Gov. Walz and the Minnesota modeling team are still refusing to model what would happen if covid were suppressed with an indefinite stay-at-home order until a vaccine, treatment, or test-and-contain strategy became available. The Minnesota team modeled five different scenarios, but the most aggressive of them merely extended the stay-at-home order to May 17th.
Walz and the modelers should change course and model indefinite stay-at-home.
First, it's just not a good thing to withhold data about a strategy that lots of Minnesotans are talking about and what to consider... even if it may not be the governor's preferred strategy
Second, the stupid-but-popular IHME / University of Washington model is based on the assumption of more-or-less permanent stay-at-home orders. When people look at the IHME model, they almost always ask why Minnesota expects 22,000 deaths when the IHME model expects only 656 Minnesotan deaths (at this writing). A very, very big part of that discrepancy is the fact that the Minnesota model assumes the stay-at-home orders are lifted before there's a treatment or widespread testing available -- May 17th, at the very latest -- while the IHME model assumes the opposite.
Another reason is that the IHME model is based on an "incredibly optimistic assumptions." Those are the exact words Stefan Gildemeister used in this briefing. There's a lot wrong with the IHME model, not just its poor communication. Gildemeister alludes to the unreliable data it depends on. I would point instead to the fundamentally questionable way the model operates: it doesn't use a real simulation of the epidemic based on what we actually know about it. Instead, it takes observed death counts and tries to fit those deaths to a mathematical curve, then guess where that curve is going next if it follows a normal distribution. (EDIT: We might also point to its horrendous performance, even on its core metric of death counts, to say nothing of its often-outrageous hospitalization projections.)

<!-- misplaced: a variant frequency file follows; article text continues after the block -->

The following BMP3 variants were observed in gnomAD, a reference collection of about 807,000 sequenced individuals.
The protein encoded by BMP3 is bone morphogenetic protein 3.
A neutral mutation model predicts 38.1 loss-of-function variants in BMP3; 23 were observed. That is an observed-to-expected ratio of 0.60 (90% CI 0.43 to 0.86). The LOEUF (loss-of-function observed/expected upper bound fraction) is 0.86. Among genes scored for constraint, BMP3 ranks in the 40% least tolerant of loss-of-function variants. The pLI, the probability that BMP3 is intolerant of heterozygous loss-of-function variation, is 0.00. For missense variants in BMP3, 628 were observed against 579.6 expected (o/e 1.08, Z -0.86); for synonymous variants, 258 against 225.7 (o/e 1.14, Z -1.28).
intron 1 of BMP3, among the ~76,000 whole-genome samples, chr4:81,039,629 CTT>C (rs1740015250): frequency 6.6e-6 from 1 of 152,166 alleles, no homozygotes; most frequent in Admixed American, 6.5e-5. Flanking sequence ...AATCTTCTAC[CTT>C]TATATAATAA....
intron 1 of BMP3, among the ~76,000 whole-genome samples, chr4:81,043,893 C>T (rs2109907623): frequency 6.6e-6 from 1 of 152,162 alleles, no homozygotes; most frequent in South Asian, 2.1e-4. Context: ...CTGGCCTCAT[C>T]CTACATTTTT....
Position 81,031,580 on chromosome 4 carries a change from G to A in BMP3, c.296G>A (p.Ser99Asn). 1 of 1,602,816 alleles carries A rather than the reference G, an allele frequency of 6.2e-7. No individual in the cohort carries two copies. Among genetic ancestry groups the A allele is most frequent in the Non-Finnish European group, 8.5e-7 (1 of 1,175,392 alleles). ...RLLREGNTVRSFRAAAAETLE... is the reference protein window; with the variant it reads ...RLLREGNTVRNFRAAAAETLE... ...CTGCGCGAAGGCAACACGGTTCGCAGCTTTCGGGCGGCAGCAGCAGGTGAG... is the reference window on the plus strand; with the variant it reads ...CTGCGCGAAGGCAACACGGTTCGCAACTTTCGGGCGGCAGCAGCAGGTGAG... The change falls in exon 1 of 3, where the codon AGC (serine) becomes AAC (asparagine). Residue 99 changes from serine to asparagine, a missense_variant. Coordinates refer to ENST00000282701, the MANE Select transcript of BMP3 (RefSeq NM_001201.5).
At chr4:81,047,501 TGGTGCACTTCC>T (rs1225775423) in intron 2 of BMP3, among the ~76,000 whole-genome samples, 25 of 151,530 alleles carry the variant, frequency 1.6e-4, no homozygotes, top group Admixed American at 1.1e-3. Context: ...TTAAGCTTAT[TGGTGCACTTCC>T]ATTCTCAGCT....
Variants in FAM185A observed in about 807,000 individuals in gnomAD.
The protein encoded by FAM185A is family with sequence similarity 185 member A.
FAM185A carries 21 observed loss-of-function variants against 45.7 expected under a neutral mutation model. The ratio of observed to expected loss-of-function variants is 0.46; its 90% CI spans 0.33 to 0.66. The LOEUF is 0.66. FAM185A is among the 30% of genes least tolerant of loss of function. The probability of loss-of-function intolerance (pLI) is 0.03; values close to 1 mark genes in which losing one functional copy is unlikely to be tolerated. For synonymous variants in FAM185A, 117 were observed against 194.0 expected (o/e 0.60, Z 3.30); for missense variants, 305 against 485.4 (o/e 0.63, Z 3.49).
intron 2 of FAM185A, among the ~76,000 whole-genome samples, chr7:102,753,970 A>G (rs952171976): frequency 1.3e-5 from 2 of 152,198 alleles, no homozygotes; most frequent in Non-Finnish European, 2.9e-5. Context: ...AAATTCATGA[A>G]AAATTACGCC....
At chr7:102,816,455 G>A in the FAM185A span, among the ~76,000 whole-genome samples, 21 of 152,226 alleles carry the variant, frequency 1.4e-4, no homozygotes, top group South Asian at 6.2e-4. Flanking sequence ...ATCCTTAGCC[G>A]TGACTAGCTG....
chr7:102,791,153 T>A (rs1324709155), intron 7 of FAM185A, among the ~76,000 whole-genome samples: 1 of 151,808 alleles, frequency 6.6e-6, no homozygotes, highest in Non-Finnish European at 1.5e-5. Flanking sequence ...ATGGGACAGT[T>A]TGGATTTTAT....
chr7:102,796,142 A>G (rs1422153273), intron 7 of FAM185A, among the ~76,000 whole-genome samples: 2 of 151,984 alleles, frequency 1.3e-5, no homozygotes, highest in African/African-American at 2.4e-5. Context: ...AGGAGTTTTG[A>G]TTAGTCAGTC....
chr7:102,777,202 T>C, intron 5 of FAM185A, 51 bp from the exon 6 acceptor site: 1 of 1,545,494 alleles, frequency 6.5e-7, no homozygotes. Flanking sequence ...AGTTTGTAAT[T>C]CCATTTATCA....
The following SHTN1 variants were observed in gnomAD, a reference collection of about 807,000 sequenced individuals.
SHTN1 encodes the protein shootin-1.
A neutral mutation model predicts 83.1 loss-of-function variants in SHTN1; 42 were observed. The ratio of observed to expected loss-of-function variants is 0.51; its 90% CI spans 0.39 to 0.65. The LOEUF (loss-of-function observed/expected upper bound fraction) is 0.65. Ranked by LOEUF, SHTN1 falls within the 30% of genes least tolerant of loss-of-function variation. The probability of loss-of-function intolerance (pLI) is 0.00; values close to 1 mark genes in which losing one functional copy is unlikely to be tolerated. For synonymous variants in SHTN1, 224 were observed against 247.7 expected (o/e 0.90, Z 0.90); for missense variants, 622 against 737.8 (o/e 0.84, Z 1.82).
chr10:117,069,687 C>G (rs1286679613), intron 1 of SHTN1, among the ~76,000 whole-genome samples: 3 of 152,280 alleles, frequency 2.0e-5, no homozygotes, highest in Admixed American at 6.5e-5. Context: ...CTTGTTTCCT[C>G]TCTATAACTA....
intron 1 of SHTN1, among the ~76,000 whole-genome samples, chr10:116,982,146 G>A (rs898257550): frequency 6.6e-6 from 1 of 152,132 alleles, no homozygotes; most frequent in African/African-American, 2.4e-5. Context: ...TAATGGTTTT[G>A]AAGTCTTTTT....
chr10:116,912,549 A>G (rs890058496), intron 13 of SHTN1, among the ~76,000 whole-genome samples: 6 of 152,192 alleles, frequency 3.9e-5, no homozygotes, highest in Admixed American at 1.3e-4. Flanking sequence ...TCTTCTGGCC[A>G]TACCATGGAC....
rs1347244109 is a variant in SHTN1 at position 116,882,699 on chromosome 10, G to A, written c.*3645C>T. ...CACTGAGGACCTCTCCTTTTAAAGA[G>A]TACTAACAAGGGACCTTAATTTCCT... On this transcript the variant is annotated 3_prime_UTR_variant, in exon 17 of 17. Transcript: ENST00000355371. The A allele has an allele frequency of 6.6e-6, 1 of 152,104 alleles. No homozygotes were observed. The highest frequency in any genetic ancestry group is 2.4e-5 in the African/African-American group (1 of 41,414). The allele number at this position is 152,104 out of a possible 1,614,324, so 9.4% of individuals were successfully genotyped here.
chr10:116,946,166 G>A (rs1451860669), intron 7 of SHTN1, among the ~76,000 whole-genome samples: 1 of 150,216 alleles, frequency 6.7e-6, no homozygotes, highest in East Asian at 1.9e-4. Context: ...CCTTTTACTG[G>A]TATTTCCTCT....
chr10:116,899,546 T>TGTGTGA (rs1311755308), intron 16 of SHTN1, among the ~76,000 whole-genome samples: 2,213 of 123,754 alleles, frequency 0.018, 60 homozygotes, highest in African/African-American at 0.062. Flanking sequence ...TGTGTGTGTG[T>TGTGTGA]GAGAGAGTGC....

But it's still a very, very popular model, probably because it has such a slick interface. A lot of powerful Minnesotans who have absolutely no excuse are depending on IHME's projections to make sense of what's going on. Many of them are insisting that, because the IHME model projects so few deaths, we should immediately reopen the economy (which the IHME model says we absolutely must not do, or deaths will skyrocket).
Gov. Walz should model the same thing so that we can directly compare the models -- and so he can give lawmakers a clear choice between a prolonged economic closure and relatively few deaths or a shorter economic closure and 10,000-30,000 deaths.
We confirmed in this conference that the State of Minnesota believes we are currently cresting the "first peak" of the epidemic, and that cases (and deaths) will start to decline over the next couple of weeks. We expect very few total deaths at this stage -- well under 1,000, if I'm reading the chart right. That's actually fairly consistent with the IHME estimate.
However, as soon as we lift the stay-at-home order, currently scheduled for May 4th, we begin building toward a much higher "second peak", with (ultimately) somewhere between 9,000 and 36,000 Minnesotans dying.
(A friend asks: why would the second peak be higher than the first peak? Shouldn't the second peak be less bad, because more of the population will have immunity? I gave him a long answer, but the short answer is: the first peak was made artificially tiny by our massive stay-at-home interventions -- that was the whole point! -- and not nearly enough people will have immunity in the second peak to make a significant difference.)
I would have emphasized this "first peak" much more than the State did, since, as soon as case counts start to decline, the fools will start to crow about how the epidemic is over, it was all a huge overreaction, and we should chill out. The fools will be wrong, but it would be smart for Minnesota to get out ahead of their criticism.
So, yeah, extraordinary press conference, lots of huge bombshells.
The next day's headline was the "feud" between Sen. Gazelka and Gov. Walz, wherein Gazelka made an ass of himself. Because it's always about the personalities, not the reality. That's just the world we live in. Hopefully, your desire for more is why you're reading my blog.
Okay, gotta run for now. Questions or comments to combox or email. G'night!